Let’s face it. As hyped as Tokyo can get, it might be a little boring for city dwellers. Don’t get me wrong though. Its shopping districts are flooded with international luxury brands, exclusive local labels and vintage thrift shops. Not forgetting the variety of local coffee roasters and memorable cafes, as well as high quality food.

Hence, if you want to take a break from the hustle and bustle, you’ll have to venture into its surrounding prefectures for the day.

Nearby prefectures for a day trip from Tokyo

1. Yokohama

How was cup noodles invented? Find out more about the origins of cup noodles at Yokohama's Cup Noodles Museum, one of the most popular attractions in the port town.
Design your own cup noodles for ¥100 at Yokohama’s Cup Noodles Museum

For museums, unique bites and locally-crafted knick-knacks, head down to Yokohama, just a mere 30 minutes from Tokyo.

Japan’s dynamic port city, serves as a captivating blend of modernity and tradition, making it an ideal day trip destination from Tokyo.

Snack on Chinese cuisine in the vibrant Chinatown, learn all about the history and evolution of cup noodles at the Cup Noodles Museum, and shop and feast on local brands and eateries at the Yokohama Red Brick Warehouse.

In my opinion, it’s one of the most underrated cities near Tokyo, and you’ll be surprised to find out how much it has to offer.

Top attractions at Yokohama

  • Cup Noodles Museum – Learn all about the origin of cup noodles and make your own instant ramen
  • Yokohama Red Brick Warehouse – Interesting local brands and eateries
  • Yokohama Cosmoworld – Theme park with the world’s tallest ferris wheel
  • Granny Smith Apple Pie – One of the best apple pies we’ve had (source: trust us bro)

How to travel from Tokyo to Yokohama?

By train: If you have the JR Rail Pass, we recommend taking the Tokaido Shinkansen as it’s only a 20 minutes ride and it would cost ¥2,600 for non-pass holders. Otherwise, you could take a number of other lines such as the Tokyu Toyoko from Shibuya, which roughly costs ¥500.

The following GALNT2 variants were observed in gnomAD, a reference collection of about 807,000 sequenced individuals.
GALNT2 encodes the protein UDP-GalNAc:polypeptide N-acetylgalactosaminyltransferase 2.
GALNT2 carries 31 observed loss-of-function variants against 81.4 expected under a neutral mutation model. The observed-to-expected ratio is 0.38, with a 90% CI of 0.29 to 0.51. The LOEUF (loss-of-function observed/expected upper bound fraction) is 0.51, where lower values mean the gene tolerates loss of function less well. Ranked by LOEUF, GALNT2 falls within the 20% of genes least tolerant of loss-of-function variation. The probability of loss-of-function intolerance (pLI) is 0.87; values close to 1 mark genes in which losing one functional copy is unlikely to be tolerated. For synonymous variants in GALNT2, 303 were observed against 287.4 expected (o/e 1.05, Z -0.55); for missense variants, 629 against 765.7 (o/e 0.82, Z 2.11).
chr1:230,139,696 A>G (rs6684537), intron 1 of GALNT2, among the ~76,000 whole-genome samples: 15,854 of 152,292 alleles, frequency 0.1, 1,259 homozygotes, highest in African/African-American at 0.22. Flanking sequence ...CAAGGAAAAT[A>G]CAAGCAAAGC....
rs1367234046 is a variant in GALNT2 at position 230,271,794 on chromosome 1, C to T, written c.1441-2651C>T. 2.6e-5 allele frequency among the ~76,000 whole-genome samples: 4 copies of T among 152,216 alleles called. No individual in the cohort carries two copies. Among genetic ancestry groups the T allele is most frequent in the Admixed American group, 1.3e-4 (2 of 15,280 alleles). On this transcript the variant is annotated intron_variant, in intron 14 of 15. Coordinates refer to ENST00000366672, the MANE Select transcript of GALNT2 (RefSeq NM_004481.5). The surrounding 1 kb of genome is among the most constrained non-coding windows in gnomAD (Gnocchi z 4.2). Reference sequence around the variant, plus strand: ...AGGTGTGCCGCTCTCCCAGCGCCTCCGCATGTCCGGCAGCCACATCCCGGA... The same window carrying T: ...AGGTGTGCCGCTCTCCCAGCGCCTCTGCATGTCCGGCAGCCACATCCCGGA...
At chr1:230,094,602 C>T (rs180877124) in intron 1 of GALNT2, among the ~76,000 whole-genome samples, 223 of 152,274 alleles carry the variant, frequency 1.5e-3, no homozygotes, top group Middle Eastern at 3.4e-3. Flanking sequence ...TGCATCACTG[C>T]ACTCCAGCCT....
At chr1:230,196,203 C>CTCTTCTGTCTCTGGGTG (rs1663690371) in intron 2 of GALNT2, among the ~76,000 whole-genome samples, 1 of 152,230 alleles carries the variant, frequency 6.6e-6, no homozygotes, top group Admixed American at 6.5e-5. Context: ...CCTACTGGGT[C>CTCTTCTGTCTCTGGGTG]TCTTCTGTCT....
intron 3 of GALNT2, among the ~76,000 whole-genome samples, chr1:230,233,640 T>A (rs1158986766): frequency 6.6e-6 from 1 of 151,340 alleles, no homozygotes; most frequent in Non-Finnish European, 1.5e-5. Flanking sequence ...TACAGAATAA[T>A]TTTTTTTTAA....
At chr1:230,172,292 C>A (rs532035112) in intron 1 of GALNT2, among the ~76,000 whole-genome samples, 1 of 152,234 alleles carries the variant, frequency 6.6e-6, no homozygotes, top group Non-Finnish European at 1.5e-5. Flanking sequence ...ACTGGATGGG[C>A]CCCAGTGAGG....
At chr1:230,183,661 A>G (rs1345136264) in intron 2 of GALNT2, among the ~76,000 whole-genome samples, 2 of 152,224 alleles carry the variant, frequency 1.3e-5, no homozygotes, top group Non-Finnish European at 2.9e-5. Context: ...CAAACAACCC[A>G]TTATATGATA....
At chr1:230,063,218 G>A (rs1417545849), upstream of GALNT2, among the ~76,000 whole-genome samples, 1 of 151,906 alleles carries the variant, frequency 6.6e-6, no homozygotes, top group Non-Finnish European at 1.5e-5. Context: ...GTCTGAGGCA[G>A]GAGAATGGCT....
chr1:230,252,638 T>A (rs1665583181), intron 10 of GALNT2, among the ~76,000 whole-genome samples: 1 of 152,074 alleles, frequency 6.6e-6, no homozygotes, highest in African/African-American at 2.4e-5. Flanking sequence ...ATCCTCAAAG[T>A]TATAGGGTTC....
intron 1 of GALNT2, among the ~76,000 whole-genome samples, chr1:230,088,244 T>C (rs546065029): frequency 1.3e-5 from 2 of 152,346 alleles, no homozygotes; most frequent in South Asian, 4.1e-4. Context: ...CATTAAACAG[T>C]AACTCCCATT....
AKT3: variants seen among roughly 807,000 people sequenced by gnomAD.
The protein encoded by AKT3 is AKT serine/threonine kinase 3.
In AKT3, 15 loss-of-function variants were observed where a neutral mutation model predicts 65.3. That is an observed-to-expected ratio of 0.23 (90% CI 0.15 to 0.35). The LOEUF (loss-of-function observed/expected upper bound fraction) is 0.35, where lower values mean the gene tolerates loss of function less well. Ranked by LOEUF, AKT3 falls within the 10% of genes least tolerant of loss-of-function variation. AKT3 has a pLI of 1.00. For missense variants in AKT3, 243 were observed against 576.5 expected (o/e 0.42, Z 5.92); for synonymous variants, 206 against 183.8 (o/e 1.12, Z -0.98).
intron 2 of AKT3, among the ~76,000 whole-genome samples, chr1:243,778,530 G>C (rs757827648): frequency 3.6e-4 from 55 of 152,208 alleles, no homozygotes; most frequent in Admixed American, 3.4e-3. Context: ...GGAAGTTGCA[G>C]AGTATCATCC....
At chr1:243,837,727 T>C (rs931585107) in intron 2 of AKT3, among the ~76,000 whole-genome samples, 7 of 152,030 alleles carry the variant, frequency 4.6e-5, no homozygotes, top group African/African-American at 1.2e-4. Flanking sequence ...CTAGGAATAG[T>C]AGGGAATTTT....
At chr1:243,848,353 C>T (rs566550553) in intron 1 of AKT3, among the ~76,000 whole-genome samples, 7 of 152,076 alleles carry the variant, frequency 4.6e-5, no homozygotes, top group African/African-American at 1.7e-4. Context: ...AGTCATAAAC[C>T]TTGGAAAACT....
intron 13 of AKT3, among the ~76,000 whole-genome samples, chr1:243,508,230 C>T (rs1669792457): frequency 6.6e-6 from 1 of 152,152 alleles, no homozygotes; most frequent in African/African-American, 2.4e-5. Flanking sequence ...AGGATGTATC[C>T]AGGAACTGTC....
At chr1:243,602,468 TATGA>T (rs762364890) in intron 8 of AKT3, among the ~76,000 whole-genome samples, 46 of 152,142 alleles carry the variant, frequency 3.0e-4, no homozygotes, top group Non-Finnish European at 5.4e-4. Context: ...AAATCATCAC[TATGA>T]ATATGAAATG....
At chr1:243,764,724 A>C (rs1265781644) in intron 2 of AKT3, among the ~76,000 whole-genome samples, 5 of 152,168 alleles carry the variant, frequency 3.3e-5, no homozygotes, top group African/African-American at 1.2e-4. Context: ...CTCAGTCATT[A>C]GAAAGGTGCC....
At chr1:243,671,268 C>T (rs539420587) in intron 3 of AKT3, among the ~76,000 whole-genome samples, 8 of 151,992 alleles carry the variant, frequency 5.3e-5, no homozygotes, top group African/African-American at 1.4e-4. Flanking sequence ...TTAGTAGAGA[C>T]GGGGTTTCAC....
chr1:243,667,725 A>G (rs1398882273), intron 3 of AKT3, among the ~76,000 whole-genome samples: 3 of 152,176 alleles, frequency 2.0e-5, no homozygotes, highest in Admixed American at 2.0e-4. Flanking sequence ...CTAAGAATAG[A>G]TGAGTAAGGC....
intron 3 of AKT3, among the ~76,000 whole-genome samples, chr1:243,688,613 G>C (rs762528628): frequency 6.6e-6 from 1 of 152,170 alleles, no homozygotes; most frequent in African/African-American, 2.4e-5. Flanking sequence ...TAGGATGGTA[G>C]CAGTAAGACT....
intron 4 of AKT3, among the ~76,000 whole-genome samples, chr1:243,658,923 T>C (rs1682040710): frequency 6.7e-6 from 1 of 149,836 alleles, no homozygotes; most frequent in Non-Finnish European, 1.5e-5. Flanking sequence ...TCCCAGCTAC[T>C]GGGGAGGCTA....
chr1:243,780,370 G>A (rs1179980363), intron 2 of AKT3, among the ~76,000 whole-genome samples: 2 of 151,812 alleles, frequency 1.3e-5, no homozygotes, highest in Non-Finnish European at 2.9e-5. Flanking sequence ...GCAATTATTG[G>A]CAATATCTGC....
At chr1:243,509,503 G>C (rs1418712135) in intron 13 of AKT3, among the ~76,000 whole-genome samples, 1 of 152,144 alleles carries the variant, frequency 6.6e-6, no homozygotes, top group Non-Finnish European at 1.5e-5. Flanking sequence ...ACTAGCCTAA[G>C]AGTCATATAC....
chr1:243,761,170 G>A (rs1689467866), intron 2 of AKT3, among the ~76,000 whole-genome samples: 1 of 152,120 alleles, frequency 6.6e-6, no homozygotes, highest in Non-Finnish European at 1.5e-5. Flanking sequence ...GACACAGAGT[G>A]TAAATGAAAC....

By car: It’s a 45 minutes drive fro Tokyo to the centre of Yokohama.

2. Hakone

Where is a torii? It's a traditional orange shrine in Japan, and this particular one is a popular tourist attraction at Lake Ashi in Hakone, where many visitors will queue up to an hours to take a photo there
The iconic torii at Lake Ashi. Photo: @colourthesun / Instagram

If you’re in Tokyo and you feel that a trip to Japan isn’t complete with a proper hot spring, this is the perfect day trip for you.

Just a 30 minutes train ride from the city centre, Hakone presents an idyllic retreat with its therapeutic hot springs amidst the scenic mountains. It’s also where the iconic torii lies, located at the circumference of Lake Ashi.

From there, take the Hakone Ropeway cable car to various checkpoints in town, such as the sulfuric hot springs at Owakudani, where you can enjoy a black hard-boiled egg cooked in the sulfuric waters.

Aside from sight-seeing, Hakone also offers various museums to explore, such as the Hakone Venetian Glass Museum and Pola Museum. If you’re looking for surreal spots for photos, we also recommend the Pampas Grass Field in the Sengoku Area.

Must-visit places at Hakone

  • Owakudani – Observe volcanic activity up-close and try one of their speciality “black eggs”
  • Hakone Ropeway – Cable car to various popular tourist attractions in Hakone
  • Hakone Yuryo Onsen – One of the town’s favourite onsens with public and private baths available
  • Lake Ashinoko – A serene lake where the iconic Hakone Shrine lies
  • Hakone Venetian Glass Museum – Featuring Venetian glassware on a scenic grassland

How to get to Hakone from Tokyo

By train: Japan Rail Pass holders can board the JR Tokaido Shinkansen, which takes 30 minutes, for free. Otherwise, local trains, departing from popular stations like Shinjuku, Tokyo and Ikebukuro Stations, will take roughly 70-90 minutes for about ¥1,500.

By bus: The Odakyu Hakone Highway Bus travels directly from Shinjuku Station to Lake Ashi area for ¥2,000. The journey takes about two hours.

3. Enoshima

Diamond Mount Fuji view from Enoshima Island, only available in specific months
Fujikawaguchiko is not the only place to see Mount Fuji! Photo: iStock / Ghing

For those seeking a coastal retreat, Enoshima Island beckons with its captivating stories.

Situated off the coast of Kanagawa Prefecture, Enoshima Island boasts a good mix stunning vistas, a vibrant shrine, but more importantly — interesting folklore about how the island was formed.